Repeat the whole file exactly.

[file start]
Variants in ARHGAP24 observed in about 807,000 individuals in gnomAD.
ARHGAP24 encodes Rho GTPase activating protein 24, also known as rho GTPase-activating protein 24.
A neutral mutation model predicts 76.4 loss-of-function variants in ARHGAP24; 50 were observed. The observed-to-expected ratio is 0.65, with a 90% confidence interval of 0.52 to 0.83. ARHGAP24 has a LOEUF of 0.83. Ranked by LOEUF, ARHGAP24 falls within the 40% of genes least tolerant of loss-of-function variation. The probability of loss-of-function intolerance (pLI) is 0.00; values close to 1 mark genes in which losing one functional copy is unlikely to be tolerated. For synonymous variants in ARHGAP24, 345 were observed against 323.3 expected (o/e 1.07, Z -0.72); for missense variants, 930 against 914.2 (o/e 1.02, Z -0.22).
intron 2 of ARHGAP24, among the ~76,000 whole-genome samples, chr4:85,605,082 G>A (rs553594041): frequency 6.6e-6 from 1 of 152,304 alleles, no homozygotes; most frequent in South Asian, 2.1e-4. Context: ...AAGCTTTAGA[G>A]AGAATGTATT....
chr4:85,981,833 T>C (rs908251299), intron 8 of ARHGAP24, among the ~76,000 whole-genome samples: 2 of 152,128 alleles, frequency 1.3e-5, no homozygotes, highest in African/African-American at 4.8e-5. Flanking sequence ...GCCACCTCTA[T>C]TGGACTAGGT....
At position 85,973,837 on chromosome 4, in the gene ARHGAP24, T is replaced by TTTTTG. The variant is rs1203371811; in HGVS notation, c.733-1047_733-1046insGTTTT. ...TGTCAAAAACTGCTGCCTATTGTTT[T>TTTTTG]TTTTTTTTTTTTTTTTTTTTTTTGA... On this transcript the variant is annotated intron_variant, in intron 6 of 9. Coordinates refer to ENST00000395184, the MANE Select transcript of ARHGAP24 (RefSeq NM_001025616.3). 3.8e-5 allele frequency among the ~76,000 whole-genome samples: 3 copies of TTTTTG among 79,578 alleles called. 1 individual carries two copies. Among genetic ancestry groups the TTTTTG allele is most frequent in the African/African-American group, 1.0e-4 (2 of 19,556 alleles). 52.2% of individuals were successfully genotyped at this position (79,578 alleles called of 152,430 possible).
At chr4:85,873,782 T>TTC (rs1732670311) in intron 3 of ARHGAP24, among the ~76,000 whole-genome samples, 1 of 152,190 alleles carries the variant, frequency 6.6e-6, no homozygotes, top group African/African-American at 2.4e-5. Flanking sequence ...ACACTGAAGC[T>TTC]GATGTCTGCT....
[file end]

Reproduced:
Variants in ARHGAP24 observed in about 807,000 individuals in gnomAD.
ARHGAP24 encodes Rho GTPase activating protein 24, also known as rho GTPase-activating protein 24.
A neutral mutation model predicts 76.4 loss-of-function variants in ARHGAP24; 50 were observed. The observed-to-expected ratio is 0.65, with a 90% confidence interval of 0.52 to 0.83. ARHGAP24 has a LOEUF of 0.83. Ranked by LOEUF, ARHGAP24 falls within the 40% of genes least tolerant of loss-of-function variation. The probability of loss-of-function intolerance (pLI) is 0.00; values close to 1 mark genes in which losing one functional copy is unlikely to be tolerated. For synonymous variants in ARHGAP24, 345 were observed against 323.3 expected (o/e 1.07, Z -0.72); for missense variants, 930 against 914.2 (o/e 1.02, Z -0.22).
intron 2 of ARHGAP24, among the ~76,000 whole-genome samples, chr4:85,605,082 G>A (rs553594041): frequency 6.6e-6 from 1 of 152,304 alleles, no homozygotes; most frequent in South Asian, 2.1e-4. Context: ...AAGCTTTAGA[G>A]AGAATGTATT....
chr4:85,981,833 T>C (rs908251299), intron 8 of ARHGAP24, among the ~76,000 whole-genome samples: 2 of 152,128 alleles, frequency 1.3e-5, no homozygotes, highest in African/African-American at 4.8e-5. Flanking sequence ...GCCACCTCTA[T>C]TGGACTAGGT....
At position 85,973,837 on chromosome 4, in the gene ARHGAP24, T is replaced by TTTTTG. The variant is rs1203371811; in HGVS notation, c.733-1047_733-1046insGTTTT. ...TGTCAAAAACTGCTGCCTATTGTTT[T>TTTTTG]TTTTTTTTTTTTTTTTTTTTTTTGA... On this transcript the variant is annotated intron_variant, in intron 6 of 9. Coordinates refer to ENST00000395184, the MANE Select transcript of ARHGAP24 (RefSeq NM_001025616.3). 3.8e-5 allele frequency among the ~76,000 whole-genome samples: 3 copies of TTTTTG among 79,578 alleles called. 1 individual carries two copies. Among genetic ancestry groups the TTTTTG allele is most frequent in the African/African-American group, 1.0e-4 (2 of 19,556 alleles). 52.2% of individuals were successfully genotyped at this position (79,578 alleles called of 152,430 possible).
At chr4:85,873,782 T>TTC (rs1732670311) in intron 3 of ARHGAP24, among the ~76,000 whole-genome samples, 1 of 152,190 alleles carries the variant, frequency 6.6e-6, no homozygotes, top group African/African-American at 2.4e-5. Flanking sequence ...ACACTGAAGC[T>TTC]GATGTCTGCT....